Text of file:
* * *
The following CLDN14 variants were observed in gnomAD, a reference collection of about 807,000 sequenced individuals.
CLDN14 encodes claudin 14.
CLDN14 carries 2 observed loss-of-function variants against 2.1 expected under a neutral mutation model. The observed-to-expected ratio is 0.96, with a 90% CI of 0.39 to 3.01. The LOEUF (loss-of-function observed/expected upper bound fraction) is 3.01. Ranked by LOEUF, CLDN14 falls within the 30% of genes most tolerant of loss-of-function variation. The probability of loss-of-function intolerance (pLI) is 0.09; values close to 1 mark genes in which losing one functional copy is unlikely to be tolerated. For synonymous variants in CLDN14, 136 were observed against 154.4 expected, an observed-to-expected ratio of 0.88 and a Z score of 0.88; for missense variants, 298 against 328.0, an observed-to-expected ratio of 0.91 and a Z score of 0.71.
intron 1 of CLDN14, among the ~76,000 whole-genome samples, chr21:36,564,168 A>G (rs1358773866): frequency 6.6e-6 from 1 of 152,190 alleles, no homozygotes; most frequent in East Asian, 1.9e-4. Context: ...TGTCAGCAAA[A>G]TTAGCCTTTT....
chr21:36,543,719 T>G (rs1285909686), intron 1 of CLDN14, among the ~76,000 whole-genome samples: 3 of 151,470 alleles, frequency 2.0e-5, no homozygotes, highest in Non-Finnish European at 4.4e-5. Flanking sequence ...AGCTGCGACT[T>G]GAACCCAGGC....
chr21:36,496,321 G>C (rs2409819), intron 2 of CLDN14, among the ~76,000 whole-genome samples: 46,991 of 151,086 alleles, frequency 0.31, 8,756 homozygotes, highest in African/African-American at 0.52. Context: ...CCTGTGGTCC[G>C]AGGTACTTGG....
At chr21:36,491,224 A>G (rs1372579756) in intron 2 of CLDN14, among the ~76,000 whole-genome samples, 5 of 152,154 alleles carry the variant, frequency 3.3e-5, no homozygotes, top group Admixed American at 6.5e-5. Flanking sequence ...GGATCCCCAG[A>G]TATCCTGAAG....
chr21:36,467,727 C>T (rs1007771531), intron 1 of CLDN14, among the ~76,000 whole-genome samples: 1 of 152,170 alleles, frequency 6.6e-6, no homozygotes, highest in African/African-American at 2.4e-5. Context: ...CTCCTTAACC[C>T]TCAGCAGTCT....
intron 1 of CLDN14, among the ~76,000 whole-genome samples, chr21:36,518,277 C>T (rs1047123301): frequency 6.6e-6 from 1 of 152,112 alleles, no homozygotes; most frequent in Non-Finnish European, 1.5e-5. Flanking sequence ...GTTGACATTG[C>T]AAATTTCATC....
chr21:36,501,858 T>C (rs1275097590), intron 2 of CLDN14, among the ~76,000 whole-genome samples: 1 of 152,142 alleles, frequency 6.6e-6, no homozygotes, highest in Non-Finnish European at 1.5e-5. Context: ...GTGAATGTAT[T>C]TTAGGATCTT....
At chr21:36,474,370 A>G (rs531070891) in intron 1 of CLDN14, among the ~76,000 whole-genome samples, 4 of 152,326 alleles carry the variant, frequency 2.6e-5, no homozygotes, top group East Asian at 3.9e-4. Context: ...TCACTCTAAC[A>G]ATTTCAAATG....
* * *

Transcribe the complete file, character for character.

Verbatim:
The following CLDN14 variants were observed in gnomAD, a reference collection of about 807,000 sequenced individuals.
CLDN14 encodes claudin 14.
CLDN14 carries 2 observed loss-of-function variants against 2.1 expected under a neutral mutation model. The observed-to-expected ratio is 0.96, with a 90% CI of 0.39 to 3.01. The LOEUF (loss-of-function observed/expected upper bound fraction) is 3.01. Ranked by LOEUF, CLDN14 falls within the 30% of genes most tolerant of loss-of-function variation. The probability of loss-of-function intolerance (pLI) is 0.09; values close to 1 mark genes in which losing one functional copy is unlikely to be tolerated. For synonymous variants in CLDN14, 136 were observed against 154.4 expected, an observed-to-expected ratio of 0.88 and a Z score of 0.88; for missense variants, 298 against 328.0, an observed-to-expected ratio of 0.91 and a Z score of 0.71.
intron 1 of CLDN14, among the ~76,000 whole-genome samples, chr21:36,564,168 A>G (rs1358773866): frequency 6.6e-6 from 1 of 152,190 alleles, no homozygotes; most frequent in East Asian, 1.9e-4. Context: ...TGTCAGCAAA[A>G]TTAGCCTTTT....
chr21:36,543,719 T>G (rs1285909686), intron 1 of CLDN14, among the ~76,000 whole-genome samples: 3 of 151,470 alleles, frequency 2.0e-5, no homozygotes, highest in Non-Finnish European at 4.4e-5. Flanking sequence ...AGCTGCGACT[T>G]GAACCCAGGC....
chr21:36,496,321 G>C (rs2409819), intron 2 of CLDN14, among the ~76,000 whole-genome samples: 46,991 of 151,086 alleles, frequency 0.31, 8,756 homozygotes, highest in African/African-American at 0.52. Context: ...CCTGTGGTCC[G>C]AGGTACTTGG....
At chr21:36,491,224 A>G (rs1372579756) in intron 2 of CLDN14, among the ~76,000 whole-genome samples, 5 of 152,154 alleles carry the variant, frequency 3.3e-5, no homozygotes, top group Admixed American at 6.5e-5. Flanking sequence ...GGATCCCCAG[A>G]TATCCTGAAG....
chr21:36,467,727 C>T (rs1007771531), intron 1 of CLDN14, among the ~76,000 whole-genome samples: 1 of 152,170 alleles, frequency 6.6e-6, no homozygotes, highest in African/African-American at 2.4e-5. Context: ...CTCCTTAACC[C>T]TCAGCAGTCT....
intron 1 of CLDN14, among the ~76,000 whole-genome samples, chr21:36,518,277 C>T (rs1047123301): frequency 6.6e-6 from 1 of 152,112 alleles, no homozygotes; most frequent in Non-Finnish European, 1.5e-5. Flanking sequence ...GTTGACATTG[C>T]AAATTTCATC....
chr21:36,501,858 T>C (rs1275097590), intron 2 of CLDN14, among the ~76,000 whole-genome samples: 1 of 152,142 alleles, frequency 6.6e-6, no homozygotes, highest in Non-Finnish European at 1.5e-5. Context: ...GTGAATGTAT[T>C]TTAGGATCTT....
At chr21:36,474,370 A>G (rs531070891) in intron 1 of CLDN14, among the ~76,000 whole-genome samples, 4 of 152,326 alleles carry the variant, frequency 2.6e-5, no homozygotes, top group East Asian at 3.9e-4. Context: ...TCACTCTAAC[A>G]ATTTCAAATG....